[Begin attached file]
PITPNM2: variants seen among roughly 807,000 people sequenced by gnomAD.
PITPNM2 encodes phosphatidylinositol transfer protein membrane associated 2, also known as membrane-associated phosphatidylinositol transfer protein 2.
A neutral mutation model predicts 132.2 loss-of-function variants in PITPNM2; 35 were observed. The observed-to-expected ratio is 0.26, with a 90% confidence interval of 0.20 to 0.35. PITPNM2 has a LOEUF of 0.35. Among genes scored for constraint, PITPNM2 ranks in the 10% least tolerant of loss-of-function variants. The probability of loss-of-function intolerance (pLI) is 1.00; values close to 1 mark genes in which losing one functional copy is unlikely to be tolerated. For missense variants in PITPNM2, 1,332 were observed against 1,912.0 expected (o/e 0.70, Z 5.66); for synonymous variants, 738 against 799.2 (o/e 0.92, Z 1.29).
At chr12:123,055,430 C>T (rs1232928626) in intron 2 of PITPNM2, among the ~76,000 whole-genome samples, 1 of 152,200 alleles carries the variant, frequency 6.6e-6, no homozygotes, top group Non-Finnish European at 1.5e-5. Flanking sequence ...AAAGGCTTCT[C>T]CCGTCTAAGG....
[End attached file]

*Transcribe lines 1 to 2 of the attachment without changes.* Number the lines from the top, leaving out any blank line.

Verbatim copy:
PITPNM2: variants seen among roughly 807,000 people sequenced by gnomAD.
PITPNM2 encodes phosphatidylinositol transfer protein membrane associated 2, also known as membrane-associated phosphatidylinositol transfer protein 2.